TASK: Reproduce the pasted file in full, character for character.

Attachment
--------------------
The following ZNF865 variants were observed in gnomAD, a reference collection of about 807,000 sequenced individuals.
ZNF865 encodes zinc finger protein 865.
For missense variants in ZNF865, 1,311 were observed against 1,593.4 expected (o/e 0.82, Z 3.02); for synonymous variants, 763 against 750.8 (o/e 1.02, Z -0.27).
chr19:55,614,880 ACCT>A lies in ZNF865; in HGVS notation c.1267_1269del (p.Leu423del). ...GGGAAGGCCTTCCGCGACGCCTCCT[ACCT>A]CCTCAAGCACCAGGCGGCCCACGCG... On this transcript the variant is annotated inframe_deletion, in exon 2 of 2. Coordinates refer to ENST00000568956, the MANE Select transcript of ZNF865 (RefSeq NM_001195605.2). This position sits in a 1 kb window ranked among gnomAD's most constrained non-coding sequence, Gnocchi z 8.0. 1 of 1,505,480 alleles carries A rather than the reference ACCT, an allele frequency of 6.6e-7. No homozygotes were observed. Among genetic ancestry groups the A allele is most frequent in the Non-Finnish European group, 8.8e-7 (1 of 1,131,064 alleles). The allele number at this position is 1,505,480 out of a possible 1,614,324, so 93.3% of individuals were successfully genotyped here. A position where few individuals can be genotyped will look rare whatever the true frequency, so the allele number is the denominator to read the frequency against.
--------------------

The following ZNF865 variants were observed in gnomAD, a reference collection of about 807,000 sequenced individuals.
ZNF865 encodes zinc finger protein 865.
For missense variants in ZNF865, 1,311 were observed against 1,593.4 expected (o/e 0.82, Z 3.02); for synonymous variants, 763 against 750.8 (o/e 1.02, Z -0.27).
chr19:55,614,880 ACCT>A lies in ZNF865; in HGVS notation c.1267_1269del (p.Leu423del). ...GGGAAGGCCTTCCGCGACGCCTCCT[ACCT>A]CCTCAAGCACCAGGCGGCCCACGCG... On this transcript the variant is annotated inframe_deletion, in exon 2 of 2. Coordinates refer to ENST00000568956, the MANE Select transcript of ZNF865 (RefSeq NM_001195605.2). This position sits in a 1 kb window ranked among gnomAD's most constrained non-coding sequence, Gnocchi z 8.0. 1 of 1,505,480 alleles carries A rather than the reference ACCT, an allele frequency of 6.6e-7. No homozygotes were observed. Among genetic ancestry groups the A allele is most frequent in the Non-Finnish European group, 8.8e-7 (1 of 1,131,064 alleles). The allele number at this position is 1,505,480 out of a possible 1,614,324, so 93.3% of individuals were successfully genotyped here. A position where few individuals can be genotyped will look rare whatever the true frequency, so the allele number is the denominator to read the frequency against.